|My daughter (three years) helping me to make our own washing powder.|
Some people have - directly or indirectly - expressed the idea that my daughter is maybe just easy to handle. A relaxed, sweet girl by nature. And there were times when I wondered about this myself!
Having said that, after three years, I've seen her in lots of different situations. The biggest differences in her behavior occur when she's with my mother (who does not apply the Continuum Concept).
My mom will say to my daughter:
"You are SUCH a diva!"
"You are too strong-willed".
"Well, that's something you've got to learn to get used to".
"Oh oh, little miss don't-touch-me is a bit sensitive today, isn't she?"
My daughter on the other hand will tell my mother things like:
"You are NOT allowed to touch me!"
"You are NOT allowed to look at me!"
"My brother is OUR baby, you are not allow to touch him. Stop kissing him!"
(Alexsandra Burt said that dd is the voice of nature - ha!)
One day my mother was here to visit, and she went grocery shopping with my daughter (around two and a half back then). When they came back, my mom told me that my daughter had had a major meltdown in one store. She was so loud in her tantrum that people started looking, and that pretty much everyone paid attention to them. My mom had to lift her up and carry her outside while dd was kicking and screaming right and left. When asked what happened before that, my mom said she did not allow dd to take something she wanted to have.
Same situation: Dd and I often go to stores together. She touches whatever looks good to her. She will often ask if we can buy something. Sometimes, when she was younger, she would take colorful products that looked good to her and put them in the basket (that what she sees me doing!). That alone was so sweet ... she would often even "read" the labels. Often it was something that I did not want to buy. I said something like "Oh, thanks dear. We don't need that today. Could you put it back?". Then she put it back. Ha! Sounds too good to be true, right? I think attitude is more important than the actual wording.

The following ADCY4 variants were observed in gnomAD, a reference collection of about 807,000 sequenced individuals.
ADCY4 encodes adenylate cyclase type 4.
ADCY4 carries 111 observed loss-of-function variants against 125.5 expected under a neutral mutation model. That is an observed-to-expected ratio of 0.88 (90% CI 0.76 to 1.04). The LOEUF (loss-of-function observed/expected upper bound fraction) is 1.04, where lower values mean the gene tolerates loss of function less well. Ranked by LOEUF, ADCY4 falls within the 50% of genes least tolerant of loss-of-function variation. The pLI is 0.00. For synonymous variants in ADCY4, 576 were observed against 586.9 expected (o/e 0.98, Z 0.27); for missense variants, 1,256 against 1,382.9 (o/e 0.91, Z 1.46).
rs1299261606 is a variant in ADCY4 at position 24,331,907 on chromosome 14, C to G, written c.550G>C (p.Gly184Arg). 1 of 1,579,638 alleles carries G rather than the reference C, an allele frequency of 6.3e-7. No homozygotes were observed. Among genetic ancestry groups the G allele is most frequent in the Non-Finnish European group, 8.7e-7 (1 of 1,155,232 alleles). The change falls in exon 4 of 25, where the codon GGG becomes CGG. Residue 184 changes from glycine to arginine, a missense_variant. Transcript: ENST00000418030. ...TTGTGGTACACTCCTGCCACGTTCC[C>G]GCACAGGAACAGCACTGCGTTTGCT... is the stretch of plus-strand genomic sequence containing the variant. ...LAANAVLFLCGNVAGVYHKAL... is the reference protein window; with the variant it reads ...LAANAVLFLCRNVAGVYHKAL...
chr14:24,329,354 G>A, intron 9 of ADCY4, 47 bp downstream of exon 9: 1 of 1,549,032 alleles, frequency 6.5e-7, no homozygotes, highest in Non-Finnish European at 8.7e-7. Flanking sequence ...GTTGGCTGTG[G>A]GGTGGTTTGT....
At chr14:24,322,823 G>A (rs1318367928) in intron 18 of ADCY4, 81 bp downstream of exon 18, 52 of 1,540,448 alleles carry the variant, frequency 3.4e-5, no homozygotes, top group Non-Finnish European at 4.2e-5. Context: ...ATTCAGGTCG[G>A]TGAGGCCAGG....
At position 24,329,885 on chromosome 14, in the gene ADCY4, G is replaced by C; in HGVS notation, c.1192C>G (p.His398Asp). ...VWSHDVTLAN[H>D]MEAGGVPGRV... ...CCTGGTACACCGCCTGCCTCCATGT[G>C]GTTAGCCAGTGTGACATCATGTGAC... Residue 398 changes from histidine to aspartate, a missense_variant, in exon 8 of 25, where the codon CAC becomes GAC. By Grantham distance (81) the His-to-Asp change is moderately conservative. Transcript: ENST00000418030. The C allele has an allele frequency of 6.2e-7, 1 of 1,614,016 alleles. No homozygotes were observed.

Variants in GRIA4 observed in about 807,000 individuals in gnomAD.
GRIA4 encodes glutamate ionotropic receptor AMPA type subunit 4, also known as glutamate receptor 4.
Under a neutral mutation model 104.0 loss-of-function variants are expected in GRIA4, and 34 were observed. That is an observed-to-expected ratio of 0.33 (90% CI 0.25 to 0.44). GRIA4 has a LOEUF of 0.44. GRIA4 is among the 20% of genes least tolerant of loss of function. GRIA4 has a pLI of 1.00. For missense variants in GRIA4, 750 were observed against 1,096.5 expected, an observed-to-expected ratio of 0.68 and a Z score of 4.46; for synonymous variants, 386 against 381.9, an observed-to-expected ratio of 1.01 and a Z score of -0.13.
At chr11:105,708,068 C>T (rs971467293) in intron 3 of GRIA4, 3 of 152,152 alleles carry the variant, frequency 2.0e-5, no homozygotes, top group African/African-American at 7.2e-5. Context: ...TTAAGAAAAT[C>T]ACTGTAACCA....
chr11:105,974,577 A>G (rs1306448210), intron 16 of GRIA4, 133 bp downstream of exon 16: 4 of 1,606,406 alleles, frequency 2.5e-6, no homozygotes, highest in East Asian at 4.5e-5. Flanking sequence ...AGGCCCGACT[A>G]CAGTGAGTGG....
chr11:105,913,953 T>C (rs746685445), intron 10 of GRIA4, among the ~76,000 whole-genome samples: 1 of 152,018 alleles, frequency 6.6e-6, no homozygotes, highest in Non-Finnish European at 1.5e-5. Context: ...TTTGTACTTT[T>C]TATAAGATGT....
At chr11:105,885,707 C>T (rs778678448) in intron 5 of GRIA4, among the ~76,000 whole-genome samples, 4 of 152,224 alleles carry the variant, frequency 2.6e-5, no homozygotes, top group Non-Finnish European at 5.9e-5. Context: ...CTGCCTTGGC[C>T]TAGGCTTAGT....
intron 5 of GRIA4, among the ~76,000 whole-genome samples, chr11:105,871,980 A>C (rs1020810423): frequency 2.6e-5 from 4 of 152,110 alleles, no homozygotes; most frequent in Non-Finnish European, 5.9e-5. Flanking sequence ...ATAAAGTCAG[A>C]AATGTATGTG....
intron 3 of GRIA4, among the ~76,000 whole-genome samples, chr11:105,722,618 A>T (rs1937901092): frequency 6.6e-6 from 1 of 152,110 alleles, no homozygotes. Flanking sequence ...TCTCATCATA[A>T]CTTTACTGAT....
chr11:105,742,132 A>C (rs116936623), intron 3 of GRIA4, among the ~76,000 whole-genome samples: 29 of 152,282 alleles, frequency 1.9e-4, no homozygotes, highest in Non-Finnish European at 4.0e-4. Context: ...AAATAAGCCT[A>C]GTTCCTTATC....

|Small strawberries in the wild.|
|Fresh raspberries on one of our hikes.|
|Picking wild raspberries.|
Alexsandra Burt said that foraging for food is one of the most natural things humans can do. Really, the more I think about it, the more I believe grocery shopping with toddler can actually be quite fun. I think assigning them little tasks really helps. Dd pretty much always wants to help me do whatever I do.
Many people have commented on how they've never seen a toddler that relaxed when shopping.
I remember one day when we were at the checkout, where all the candy is. Not that I do mind her eating candy. But she took several packages of something I did not want to buy, mostly because I was sure no one would eat it. She was passionate about this stuff as it looked so beautiful. I told her to put it back. Seriously, I literally heard the people behind me gasping! A nice elderly couple behind us smiled and said "Oh, good luck ...". And then guess what: Dd put it all back. The elderly couple commented on how this was the last thing they had expected.
For a while, I let dd pick one "chocolate lady bug" in our organic store every time we went. After a few weeks, she wanted to keep buying them, but stopped eating them. I don't particularly enjoy those myself, so I did not want to buy them just to let them go to waste. It was a bit of a change for dd, but each time she wanted one, I said if she really wants to eat one, we can come back later and get one (which I would have done if she had ever asked about getting one - she never did). That sounded ok to her and we went to the check out, paid for our groceries, and left.
On the way to the check out, I pretty much always tell her that anything in a glass is my job, but she can put the entire rest on the counter. For a long time, I let her hand over the money at the check out. Once or twice, she thought it was fun to drop the bill on the floor and I had to pick it up. I discontinued giving her the money. Not as a punishment, but to show her again how it's done, in a calm and relaxed fashion. Alexsandra confirmed that this is probably the best way to handle it (I was a bit worried back then because it had happened in the first place. Somehow I thought things like these should not occur at all. Haha. Turns out they do!) We took up our habit of her paying after a while and everything was fine.
Really, by now I have realized on several occasions that how we treat children can lead to very different outcomes. I hope that makes sense.